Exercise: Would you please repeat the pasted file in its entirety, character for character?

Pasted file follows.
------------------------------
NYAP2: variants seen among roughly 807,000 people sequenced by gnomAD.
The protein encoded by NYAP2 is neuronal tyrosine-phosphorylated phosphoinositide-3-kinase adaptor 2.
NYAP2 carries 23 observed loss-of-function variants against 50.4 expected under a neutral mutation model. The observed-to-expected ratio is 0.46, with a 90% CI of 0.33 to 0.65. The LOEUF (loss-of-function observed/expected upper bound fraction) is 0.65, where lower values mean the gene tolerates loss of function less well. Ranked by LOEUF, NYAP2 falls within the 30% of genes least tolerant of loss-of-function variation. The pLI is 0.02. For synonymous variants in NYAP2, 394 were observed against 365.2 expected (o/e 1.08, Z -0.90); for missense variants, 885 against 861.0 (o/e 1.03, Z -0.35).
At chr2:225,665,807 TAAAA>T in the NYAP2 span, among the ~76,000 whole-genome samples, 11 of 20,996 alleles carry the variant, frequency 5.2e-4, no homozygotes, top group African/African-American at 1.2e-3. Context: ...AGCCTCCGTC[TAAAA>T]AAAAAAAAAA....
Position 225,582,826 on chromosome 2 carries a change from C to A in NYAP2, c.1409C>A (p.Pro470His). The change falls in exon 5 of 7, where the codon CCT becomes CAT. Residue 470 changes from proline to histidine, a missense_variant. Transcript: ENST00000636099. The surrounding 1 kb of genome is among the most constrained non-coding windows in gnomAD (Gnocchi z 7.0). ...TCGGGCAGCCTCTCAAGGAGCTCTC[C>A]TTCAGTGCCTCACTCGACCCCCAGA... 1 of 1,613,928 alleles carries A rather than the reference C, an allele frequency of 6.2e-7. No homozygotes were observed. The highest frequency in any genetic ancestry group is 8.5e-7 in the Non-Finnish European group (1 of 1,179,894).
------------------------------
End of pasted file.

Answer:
NYAP2: variants seen among roughly 807,000 people sequenced by gnomAD.
The protein encoded by NYAP2 is neuronal tyrosine-phosphorylated phosphoinositide-3-kinase adaptor 2.
NYAP2 carries 23 observed loss-of-function variants against 50.4 expected under a neutral mutation model. The observed-to-expected ratio is 0.46, with a 90% CI of 0.33 to 0.65. The LOEUF (loss-of-function observed/expected upper bound fraction) is 0.65, where lower values mean the gene tolerates loss of function less well. Ranked by LOEUF, NYAP2 falls within the 30% of genes least tolerant of loss-of-function variation. The pLI is 0.02. For synonymous variants in NYAP2, 394 were observed against 365.2 expected (o/e 1.08, Z -0.90); for missense variants, 885 against 861.0 (o/e 1.03, Z -0.35).
At chr2:225,665,807 TAAAA>T in the NYAP2 span, among the ~76,000 whole-genome samples, 11 of 20,996 alleles carry the variant, frequency 5.2e-4, no homozygotes, top group African/African-American at 1.2e-3. Context: ...AGCCTCCGTC[TAAAA>T]AAAAAAAAAA....
Position 225,582,826 on chromosome 2 carries a change from C to A in NYAP2, c.1409C>A (p.Pro470His). The change falls in exon 5 of 7, where the codon CCT becomes CAT. Residue 470 changes from proline to histidine, a missense_variant. Transcript: ENST00000636099. The surrounding 1 kb of genome is among the most constrained non-coding windows in gnomAD (Gnocchi z 7.0). ...TCGGGCAGCCTCTCAAGGAGCTCTC[C>A]TTCAGTGCCTCACTCGACCCCCAGA... 1 of 1,613,928 alleles carries A rather than the reference C, an allele frequency of 6.2e-7. No homozygotes were observed. The highest frequency in any genetic ancestry group is 8.5e-7 in the Non-Finnish European group (1 of 1,179,894).